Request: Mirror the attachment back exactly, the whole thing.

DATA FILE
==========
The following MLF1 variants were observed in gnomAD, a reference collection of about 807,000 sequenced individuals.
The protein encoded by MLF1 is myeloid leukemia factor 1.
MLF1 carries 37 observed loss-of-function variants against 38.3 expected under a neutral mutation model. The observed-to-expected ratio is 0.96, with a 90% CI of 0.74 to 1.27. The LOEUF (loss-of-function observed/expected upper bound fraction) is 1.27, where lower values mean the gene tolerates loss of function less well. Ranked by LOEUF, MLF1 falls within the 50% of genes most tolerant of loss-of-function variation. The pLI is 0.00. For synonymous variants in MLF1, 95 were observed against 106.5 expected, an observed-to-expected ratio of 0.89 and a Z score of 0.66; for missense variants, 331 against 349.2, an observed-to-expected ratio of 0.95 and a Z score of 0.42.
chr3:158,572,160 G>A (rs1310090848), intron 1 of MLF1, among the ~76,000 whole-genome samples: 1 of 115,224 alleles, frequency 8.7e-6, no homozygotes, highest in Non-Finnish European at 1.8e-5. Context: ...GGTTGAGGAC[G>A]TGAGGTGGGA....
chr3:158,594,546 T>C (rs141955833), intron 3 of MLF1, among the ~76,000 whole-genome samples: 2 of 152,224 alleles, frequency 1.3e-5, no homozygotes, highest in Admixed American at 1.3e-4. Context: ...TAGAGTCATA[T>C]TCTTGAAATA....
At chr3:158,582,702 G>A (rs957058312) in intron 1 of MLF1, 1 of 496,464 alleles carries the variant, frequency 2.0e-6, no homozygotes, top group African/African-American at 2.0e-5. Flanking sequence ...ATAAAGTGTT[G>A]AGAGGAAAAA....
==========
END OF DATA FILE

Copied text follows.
The following MLF1 variants were observed in gnomAD, a reference collection of about 807,000 sequenced individuals.
The protein encoded by MLF1 is myeloid leukemia factor 1.
MLF1 carries 37 observed loss-of-function variants against 38.3 expected under a neutral mutation model. The observed-to-expected ratio is 0.96, with a 90% CI of 0.74 to 1.27. The LOEUF (loss-of-function observed/expected upper bound fraction) is 1.27, where lower values mean the gene tolerates loss of function less well. Ranked by LOEUF, MLF1 falls within the 50% of genes most tolerant of loss-of-function variation. The pLI is 0.00. For synonymous variants in MLF1, 95 were observed against 106.5 expected, an observed-to-expected ratio of 0.89 and a Z score of 0.66; for missense variants, 331 against 349.2, an observed-to-expected ratio of 0.95 and a Z score of 0.42.
chr3:158,572,160 G>A (rs1310090848), intron 1 of MLF1, among the ~76,000 whole-genome samples: 1 of 115,224 alleles, frequency 8.7e-6, no homozygotes, highest in Non-Finnish European at 1.8e-5. Context: ...GGTTGAGGAC[G>A]TGAGGTGGGA....
chr3:158,594,546 T>C (rs141955833), intron 3 of MLF1, among the ~76,000 whole-genome samples: 2 of 152,224 alleles, frequency 1.3e-5, no homozygotes, highest in Admixed American at 1.3e-4. Context: ...TAGAGTCATA[T>C]TCTTGAAATA....
At chr3:158,582,702 G>A (rs957058312) in intron 1 of MLF1, 1 of 496,464 alleles carries the variant, frequency 2.0e-6, no homozygotes, top group African/African-American at 2.0e-5. Flanking sequence ...ATAAAGTGTT[G>A]AGAGGAAAAA....